In the past year, two masters’ theses have presented evidence that schools using the Charanga Musical School programme have experienced a significant improvement in music teaching.
These findings confirm our own research derived from:
- our extensive Music Education Hub and Music Service partnership programme which provides us with on-the-ground links to thousands of music teachers and hundreds of thousands of children
- more than 2,500 feedback questionnaires completed by teachers during our Musical School CPD & Training programme
- the data produced by over 1 million hours of online Musical School usage by teachers that has taken place in the past 12 months and which has been accompanied by a steady flow of positive testimonials
To gain additional insight into the effect of Musical School on music teaching we have also recently completed an extensive survey of Musical School users. We believe the results of this survey not only confirm the findings in the earlier research but provide evidence of a revolutionary change taking place today in primary music teaching in schools right across the UK.
Of most interest to the music education community will be the survey summary below which details the impact in key areas of the profession: teachers’ confidence, quality of teaching, enjoyment of the job, children’s engagement and frequency of teaching. Of course the consequent impact on pupils is of the utmost interest.
The total number of music teachers responding to the survey was 852 which was divided into 336 who described themselves as music specialists and 516 who said they were non-specialists.
It is clear from the above that Charanga Musical School is having a major impact on key areas of music teaching and learning for all teachers – both specialist and non-specialist. While the response from non-specialists as the group with most to gain from Musical School’s in-depth support, is perhaps unsurprising (though still astonishingly high), the similarly positive response from specialists was less expected. On-the-ground feedback from specialists has often highlighted how children’s increased engagement through Musical School has helped them be more creative. This group also tells us that Musical School helps them to better support their non-specialist colleagues which helps to generate benefits across the whole school.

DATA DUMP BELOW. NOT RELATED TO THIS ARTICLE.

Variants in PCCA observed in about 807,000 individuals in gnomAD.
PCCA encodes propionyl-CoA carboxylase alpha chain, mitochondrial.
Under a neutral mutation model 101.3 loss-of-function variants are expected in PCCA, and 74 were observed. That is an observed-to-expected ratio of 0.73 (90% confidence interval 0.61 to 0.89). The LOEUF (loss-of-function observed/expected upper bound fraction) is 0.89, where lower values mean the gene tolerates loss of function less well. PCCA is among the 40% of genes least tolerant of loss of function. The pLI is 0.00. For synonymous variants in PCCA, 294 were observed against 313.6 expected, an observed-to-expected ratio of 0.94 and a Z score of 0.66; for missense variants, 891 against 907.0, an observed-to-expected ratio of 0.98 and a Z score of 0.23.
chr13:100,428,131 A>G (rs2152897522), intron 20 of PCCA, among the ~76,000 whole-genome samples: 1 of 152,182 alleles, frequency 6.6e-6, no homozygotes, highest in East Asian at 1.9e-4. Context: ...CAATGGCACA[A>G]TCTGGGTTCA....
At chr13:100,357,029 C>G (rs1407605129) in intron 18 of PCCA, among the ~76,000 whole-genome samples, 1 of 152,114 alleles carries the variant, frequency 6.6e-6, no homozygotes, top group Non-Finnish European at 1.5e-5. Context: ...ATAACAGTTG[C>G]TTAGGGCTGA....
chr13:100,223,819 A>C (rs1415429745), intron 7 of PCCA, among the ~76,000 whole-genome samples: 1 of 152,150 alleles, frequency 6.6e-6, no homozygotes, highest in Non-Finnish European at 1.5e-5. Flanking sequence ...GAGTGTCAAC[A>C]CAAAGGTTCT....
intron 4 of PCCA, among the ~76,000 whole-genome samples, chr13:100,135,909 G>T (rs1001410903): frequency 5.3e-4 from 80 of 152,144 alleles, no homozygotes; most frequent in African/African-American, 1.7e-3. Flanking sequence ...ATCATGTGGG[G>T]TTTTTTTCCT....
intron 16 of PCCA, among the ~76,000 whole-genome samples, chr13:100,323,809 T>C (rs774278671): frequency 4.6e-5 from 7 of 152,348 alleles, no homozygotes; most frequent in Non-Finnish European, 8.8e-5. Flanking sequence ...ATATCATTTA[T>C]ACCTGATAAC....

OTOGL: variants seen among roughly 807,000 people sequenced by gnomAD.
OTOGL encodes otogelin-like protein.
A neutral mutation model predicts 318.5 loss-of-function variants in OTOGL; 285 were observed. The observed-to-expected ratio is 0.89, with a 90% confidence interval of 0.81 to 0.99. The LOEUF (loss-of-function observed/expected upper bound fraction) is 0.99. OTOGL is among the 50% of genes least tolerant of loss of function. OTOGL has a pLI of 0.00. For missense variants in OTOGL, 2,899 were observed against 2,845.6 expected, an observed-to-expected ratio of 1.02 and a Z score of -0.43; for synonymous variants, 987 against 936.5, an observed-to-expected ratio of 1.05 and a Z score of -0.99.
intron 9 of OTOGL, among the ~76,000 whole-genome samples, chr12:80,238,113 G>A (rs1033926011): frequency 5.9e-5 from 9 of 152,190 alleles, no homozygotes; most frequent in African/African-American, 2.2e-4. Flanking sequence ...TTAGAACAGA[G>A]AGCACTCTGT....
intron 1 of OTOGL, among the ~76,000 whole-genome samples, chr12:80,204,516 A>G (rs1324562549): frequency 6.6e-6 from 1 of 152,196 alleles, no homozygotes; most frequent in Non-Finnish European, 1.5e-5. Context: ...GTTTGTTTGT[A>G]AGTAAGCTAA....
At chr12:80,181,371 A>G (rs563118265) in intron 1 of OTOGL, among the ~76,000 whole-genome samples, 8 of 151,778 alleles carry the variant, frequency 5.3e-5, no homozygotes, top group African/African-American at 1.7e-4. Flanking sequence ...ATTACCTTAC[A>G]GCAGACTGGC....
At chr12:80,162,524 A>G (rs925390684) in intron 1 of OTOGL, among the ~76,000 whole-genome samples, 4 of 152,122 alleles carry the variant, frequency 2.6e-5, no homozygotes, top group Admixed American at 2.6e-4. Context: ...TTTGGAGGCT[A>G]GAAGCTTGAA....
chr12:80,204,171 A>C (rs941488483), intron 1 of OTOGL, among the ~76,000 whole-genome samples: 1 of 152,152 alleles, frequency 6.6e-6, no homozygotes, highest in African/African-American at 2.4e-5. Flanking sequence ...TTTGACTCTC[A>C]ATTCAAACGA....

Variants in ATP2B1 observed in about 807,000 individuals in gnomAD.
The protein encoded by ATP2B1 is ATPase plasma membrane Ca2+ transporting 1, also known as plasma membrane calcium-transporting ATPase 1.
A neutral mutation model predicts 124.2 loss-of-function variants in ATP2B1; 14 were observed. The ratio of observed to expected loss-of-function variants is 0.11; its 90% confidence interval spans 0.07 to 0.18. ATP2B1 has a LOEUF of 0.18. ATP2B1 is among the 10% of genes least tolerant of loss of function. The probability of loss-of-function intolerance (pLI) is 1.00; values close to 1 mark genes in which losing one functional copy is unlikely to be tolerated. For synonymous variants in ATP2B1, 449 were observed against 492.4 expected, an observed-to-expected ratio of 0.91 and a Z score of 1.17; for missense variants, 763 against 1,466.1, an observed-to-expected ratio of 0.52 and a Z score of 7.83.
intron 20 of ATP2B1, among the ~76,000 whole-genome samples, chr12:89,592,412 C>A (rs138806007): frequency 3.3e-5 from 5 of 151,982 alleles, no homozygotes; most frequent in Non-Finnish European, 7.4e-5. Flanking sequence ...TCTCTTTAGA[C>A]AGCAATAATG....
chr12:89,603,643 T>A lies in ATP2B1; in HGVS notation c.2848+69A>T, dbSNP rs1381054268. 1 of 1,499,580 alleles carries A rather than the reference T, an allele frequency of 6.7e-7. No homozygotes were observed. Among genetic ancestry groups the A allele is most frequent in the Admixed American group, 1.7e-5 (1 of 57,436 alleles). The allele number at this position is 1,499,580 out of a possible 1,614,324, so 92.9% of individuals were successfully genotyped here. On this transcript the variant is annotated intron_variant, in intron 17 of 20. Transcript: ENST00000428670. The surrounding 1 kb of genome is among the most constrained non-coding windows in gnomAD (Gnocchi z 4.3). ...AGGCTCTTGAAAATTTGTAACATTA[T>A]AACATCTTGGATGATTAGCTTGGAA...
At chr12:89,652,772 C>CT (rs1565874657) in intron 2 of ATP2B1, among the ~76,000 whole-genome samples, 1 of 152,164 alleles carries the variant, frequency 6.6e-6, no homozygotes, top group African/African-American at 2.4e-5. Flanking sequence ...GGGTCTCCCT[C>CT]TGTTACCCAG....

Paul Fletcher, Managing Director of Charanga, presented these findings at the European Association of Music in Schools‘ annual conference on March 18th in Vilnius, Lithuania.
Paul concluded, “The hugely positive response at the conference was extraordinary and Charanga’s approach in Musical School seemed to strike a chord with many of the music leaders, both practitioners and researchers. Delegates commented that unlike much of what they had seen in music technology, Charanga had successfully combined good educational technology with high-quality musical content and deeply thought-out pedagogy in a Musical School programme that everyday teachers found completely accessible. There was definitely a consensus that this type of ‘music education technology’ can have a large-scale positive impact on music teaching and learning and I’m delighted they were able to see this.”
Should any researchers wish to explore the findings in more detail Paul would be delighted to discuss this so please get in touch at firstname.lastname@example.org.
We would like to thank all the people who took part in the survey and for the great effort people went to to describe and illustrate their views and experiences.